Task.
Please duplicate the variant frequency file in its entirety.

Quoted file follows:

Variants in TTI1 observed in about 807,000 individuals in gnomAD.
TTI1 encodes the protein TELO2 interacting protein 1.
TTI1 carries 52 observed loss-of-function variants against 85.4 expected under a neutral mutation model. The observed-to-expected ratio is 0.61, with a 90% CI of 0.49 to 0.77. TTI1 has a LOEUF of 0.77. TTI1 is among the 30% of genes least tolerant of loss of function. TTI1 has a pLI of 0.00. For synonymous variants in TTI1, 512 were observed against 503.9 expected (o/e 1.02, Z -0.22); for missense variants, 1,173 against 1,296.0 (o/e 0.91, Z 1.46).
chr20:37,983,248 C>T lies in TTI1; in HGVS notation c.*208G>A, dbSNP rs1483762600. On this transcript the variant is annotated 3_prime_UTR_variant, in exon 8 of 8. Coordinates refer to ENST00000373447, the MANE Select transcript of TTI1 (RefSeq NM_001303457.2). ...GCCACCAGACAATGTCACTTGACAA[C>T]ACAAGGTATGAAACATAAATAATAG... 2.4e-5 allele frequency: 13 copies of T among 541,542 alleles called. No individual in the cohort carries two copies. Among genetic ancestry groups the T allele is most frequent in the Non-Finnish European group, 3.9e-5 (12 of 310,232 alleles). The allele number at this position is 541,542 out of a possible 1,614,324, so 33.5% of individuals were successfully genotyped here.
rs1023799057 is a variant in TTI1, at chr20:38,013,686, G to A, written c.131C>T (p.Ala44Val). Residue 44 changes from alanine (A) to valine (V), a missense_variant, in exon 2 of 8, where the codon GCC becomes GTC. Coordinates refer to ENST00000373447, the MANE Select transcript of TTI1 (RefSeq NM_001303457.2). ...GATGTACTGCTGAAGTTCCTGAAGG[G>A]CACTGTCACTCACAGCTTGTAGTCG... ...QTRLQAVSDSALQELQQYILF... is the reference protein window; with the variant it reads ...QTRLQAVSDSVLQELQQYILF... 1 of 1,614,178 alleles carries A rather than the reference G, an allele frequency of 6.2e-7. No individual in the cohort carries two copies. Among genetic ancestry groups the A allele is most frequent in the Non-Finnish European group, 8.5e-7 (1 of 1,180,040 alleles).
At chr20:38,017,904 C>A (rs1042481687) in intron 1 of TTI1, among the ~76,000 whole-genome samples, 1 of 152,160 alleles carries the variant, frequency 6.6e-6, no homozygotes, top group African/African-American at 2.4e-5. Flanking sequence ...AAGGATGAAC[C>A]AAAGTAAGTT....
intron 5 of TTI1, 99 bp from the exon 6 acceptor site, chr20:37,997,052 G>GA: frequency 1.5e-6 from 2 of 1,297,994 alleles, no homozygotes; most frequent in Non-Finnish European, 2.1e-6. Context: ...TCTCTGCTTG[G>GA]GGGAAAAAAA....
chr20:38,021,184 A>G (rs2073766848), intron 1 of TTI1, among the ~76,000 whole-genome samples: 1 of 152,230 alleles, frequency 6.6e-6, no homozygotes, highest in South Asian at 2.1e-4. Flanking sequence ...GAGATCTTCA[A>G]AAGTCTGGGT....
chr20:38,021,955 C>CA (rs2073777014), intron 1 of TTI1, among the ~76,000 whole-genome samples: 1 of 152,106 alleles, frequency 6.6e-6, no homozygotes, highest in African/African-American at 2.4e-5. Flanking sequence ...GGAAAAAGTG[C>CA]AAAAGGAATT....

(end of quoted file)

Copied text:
Variants in TTI1 observed in about 807,000 individuals in gnomAD.
TTI1 encodes the protein TELO2 interacting protein 1.
TTI1 carries 52 observed loss-of-function variants against 85.4 expected under a neutral mutation model. The observed-to-expected ratio is 0.61, with a 90% CI of 0.49 to 0.77. TTI1 has a LOEUF of 0.77. TTI1 is among the 30% of genes least tolerant of loss of function. TTI1 has a pLI of 0.00. For synonymous variants in TTI1, 512 were observed against 503.9 expected (o/e 1.02, Z -0.22); for missense variants, 1,173 against 1,296.0 (o/e 0.91, Z 1.46).
chr20:37,983,248 C>T lies in TTI1; in HGVS notation c.*208G>A, dbSNP rs1483762600. On this transcript the variant is annotated 3_prime_UTR_variant, in exon 8 of 8. Coordinates refer to ENST00000373447, the MANE Select transcript of TTI1 (RefSeq NM_001303457.2). ...GCCACCAGACAATGTCACTTGACAA[C>T]ACAAGGTATGAAACATAAATAATAG... 2.4e-5 allele frequency: 13 copies of T among 541,542 alleles called. No individual in the cohort carries two copies. Among genetic ancestry groups the T allele is most frequent in the Non-Finnish European group, 3.9e-5 (12 of 310,232 alleles). The allele number at this position is 541,542 out of a possible 1,614,324, so 33.5% of individuals were successfully genotyped here.
rs1023799057 is a variant in TTI1, at chr20:38,013,686, G to A, written c.131C>T (p.Ala44Val). Residue 44 changes from alanine (A) to valine (V), a missense_variant, in exon 2 of 8, where the codon GCC becomes GTC. Coordinates refer to ENST00000373447, the MANE Select transcript of TTI1 (RefSeq NM_001303457.2). ...GATGTACTGCTGAAGTTCCTGAAGG[G>A]CACTGTCACTCACAGCTTGTAGTCG... ...QTRLQAVSDSALQELQQYILF... is the reference protein window; with the variant it reads ...QTRLQAVSDSVLQELQQYILF... 1 of 1,614,178 alleles carries A rather than the reference G, an allele frequency of 6.2e-7. No individual in the cohort carries two copies. Among genetic ancestry groups the A allele is most frequent in the Non-Finnish European group, 8.5e-7 (1 of 1,180,040 alleles).
At chr20:38,017,904 C>A (rs1042481687) in intron 1 of TTI1, among the ~76,000 whole-genome samples, 1 of 152,160 alleles carries the variant, frequency 6.6e-6, no homozygotes, top group African/African-American at 2.4e-5. Flanking sequence ...AAGGATGAAC[C>A]AAAGTAAGTT....
intron 5 of TTI1, 99 bp from the exon 6 acceptor site, chr20:37,997,052 G>GA: frequency 1.5e-6 from 2 of 1,297,994 alleles, no homozygotes; most frequent in Non-Finnish European, 2.1e-6. Context: ...TCTCTGCTTG[G>GA]GGGAAAAAAA....
chr20:38,021,184 A>G (rs2073766848), intron 1 of TTI1, among the ~76,000 whole-genome samples: 1 of 152,230 alleles, frequency 6.6e-6, no homozygotes, highest in South Asian at 2.1e-4. Flanking sequence ...GAGATCTTCA[A>G]AAGTCTGGGT....
chr20:38,021,955 C>CA (rs2073777014), intron 1 of TTI1, among the ~76,000 whole-genome samples: 1 of 152,106 alleles, frequency 6.6e-6, no homozygotes, highest in African/African-American at 2.4e-5. Flanking sequence ...GGAAAAAGTG[C>CA]AAAAGGAATT....